One Man's Flip Is Another Man's Flop
by Peter Kurth
March 23, 2004

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Back up, America! Rewind that film! Your columnist has some flip-flopping to do.

You heard me – I’m a flip-flopper. Despite all you’ve been told by the White House, the major media, Ann Coulter and the Ouija board, it takes a big man to flip-flop and I’m going to be the first one on the block to do it.

I prefer the term “flip-flop” to “waffle,” because “waffling” makes it sound like I haven’t made up my mind, and I have. I’m flip-flopping absolutely. I’m turning 180 degrees. I’m going the whole nine yards, even though no one has yet figured out what those nine yards refer to. You can look it up.

What I’m flip-flopping about is Mel Gibson. Yes, Mel Gibson, a man I wrote off two weeks ago in this column as “a shameless and repulsive movie star.” He may still be a shameless and repulsive movie star, but from now on he’s got my vote. Why? Because Mel Gibson has “doubts” about George W. Bush.

That’s right – Mel Gibson has doubts about Bush. To be exact, he’s had doubts “of late” about Bush and his filthy war in Iraq.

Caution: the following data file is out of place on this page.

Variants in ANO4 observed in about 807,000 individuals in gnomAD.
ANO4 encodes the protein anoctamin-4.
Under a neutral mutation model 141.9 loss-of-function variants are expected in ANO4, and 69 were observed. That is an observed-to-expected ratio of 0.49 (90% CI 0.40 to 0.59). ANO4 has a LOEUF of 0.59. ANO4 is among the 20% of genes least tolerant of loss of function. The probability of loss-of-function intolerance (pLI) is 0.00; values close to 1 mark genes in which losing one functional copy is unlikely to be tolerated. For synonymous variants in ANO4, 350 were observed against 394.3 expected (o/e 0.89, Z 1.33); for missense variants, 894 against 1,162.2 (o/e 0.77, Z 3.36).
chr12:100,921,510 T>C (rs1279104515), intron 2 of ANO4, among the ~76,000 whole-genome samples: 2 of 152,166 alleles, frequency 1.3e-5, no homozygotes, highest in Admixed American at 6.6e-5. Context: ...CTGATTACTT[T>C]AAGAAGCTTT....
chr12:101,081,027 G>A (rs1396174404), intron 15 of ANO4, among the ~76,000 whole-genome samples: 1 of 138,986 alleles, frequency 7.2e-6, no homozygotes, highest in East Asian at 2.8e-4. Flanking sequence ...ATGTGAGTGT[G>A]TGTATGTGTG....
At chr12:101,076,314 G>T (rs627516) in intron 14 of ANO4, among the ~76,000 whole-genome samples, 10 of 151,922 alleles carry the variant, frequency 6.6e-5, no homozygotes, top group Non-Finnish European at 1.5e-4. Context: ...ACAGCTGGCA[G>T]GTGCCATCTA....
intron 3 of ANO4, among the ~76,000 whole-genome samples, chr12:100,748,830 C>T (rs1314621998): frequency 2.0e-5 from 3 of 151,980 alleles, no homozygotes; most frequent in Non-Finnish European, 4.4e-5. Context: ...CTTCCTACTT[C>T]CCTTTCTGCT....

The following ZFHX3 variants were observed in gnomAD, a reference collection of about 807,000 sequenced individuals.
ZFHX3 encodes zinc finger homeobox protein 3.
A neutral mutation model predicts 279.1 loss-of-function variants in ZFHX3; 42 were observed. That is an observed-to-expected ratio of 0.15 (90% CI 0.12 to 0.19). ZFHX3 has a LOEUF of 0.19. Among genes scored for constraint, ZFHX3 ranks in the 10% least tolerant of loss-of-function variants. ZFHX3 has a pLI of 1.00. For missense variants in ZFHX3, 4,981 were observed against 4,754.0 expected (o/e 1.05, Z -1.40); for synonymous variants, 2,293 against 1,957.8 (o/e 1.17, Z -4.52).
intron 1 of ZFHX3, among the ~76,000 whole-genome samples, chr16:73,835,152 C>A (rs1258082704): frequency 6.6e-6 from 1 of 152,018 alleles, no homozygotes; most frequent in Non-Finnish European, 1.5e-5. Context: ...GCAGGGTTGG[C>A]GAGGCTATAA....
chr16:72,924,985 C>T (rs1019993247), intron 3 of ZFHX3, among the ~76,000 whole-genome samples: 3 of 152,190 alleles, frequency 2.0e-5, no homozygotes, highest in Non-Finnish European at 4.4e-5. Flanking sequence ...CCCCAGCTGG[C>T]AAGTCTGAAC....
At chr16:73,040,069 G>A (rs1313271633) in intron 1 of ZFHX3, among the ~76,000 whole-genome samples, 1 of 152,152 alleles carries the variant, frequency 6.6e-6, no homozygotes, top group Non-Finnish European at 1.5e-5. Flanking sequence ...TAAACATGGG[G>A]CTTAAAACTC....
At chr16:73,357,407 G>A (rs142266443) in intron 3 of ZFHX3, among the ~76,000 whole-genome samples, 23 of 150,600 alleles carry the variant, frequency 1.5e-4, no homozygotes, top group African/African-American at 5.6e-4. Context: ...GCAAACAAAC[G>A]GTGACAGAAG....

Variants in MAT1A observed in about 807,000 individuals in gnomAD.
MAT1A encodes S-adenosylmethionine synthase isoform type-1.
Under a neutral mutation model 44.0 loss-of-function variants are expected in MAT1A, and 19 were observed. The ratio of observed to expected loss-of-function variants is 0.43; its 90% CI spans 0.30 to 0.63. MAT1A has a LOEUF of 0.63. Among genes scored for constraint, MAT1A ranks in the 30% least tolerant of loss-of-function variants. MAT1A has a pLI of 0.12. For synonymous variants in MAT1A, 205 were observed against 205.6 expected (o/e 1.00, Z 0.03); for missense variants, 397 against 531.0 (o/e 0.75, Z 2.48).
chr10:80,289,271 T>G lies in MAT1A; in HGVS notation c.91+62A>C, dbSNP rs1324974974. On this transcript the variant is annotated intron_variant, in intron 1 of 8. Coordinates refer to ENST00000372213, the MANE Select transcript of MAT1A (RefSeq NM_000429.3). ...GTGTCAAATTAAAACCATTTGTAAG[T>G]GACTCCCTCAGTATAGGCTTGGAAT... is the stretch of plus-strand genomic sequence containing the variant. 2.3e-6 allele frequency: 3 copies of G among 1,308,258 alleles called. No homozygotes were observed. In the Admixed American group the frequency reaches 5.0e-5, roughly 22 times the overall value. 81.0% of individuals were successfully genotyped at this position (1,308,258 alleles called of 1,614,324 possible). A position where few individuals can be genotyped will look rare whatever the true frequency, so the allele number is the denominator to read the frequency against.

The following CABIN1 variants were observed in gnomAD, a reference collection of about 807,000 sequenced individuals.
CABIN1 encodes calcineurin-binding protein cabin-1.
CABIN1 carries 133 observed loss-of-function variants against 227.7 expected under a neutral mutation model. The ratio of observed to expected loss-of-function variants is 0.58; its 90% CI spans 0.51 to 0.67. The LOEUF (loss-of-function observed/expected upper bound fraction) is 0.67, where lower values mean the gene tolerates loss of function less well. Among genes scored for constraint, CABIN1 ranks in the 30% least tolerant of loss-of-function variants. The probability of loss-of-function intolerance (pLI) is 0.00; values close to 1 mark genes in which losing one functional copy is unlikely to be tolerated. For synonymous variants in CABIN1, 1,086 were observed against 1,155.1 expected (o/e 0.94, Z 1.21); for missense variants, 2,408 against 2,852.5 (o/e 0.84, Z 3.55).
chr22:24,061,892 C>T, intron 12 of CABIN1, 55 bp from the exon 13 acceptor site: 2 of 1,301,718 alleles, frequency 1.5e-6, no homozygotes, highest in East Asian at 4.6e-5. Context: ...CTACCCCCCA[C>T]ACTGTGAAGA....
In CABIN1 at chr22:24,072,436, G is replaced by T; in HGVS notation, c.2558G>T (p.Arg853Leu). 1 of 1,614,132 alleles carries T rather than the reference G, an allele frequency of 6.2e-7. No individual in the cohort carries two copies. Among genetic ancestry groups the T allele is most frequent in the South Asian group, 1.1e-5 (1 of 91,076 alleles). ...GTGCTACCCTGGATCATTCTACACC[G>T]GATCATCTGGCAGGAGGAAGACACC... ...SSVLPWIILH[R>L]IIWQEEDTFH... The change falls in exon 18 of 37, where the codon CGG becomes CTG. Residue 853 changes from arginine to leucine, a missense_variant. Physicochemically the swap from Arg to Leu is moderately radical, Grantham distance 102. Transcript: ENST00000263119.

“It’s all to do with these weapons of mass destruction that we can’t seem to find, and why did we go over there?” says Mel, sounding confused. Never mind: Anyone who has doubts about Bush is a hero to me. That’s a promise, and I won’t be flip-flopping on it.

What I’m not flip-flopping on is Mel’s Bible movie, whose name will never pass my lips again, not after the hate mail I’ve received since I first brought it up. I had no idea that Christian fanatics used words like that, but there you have it -- it’s like 12-year-old boys. If people knew how disgusting they are, they’d drown them at birth. Or maybe you missed the story about the Smelly Sneaker Contest in Montpelier on St. Patrick’s Day? You can look that up, too.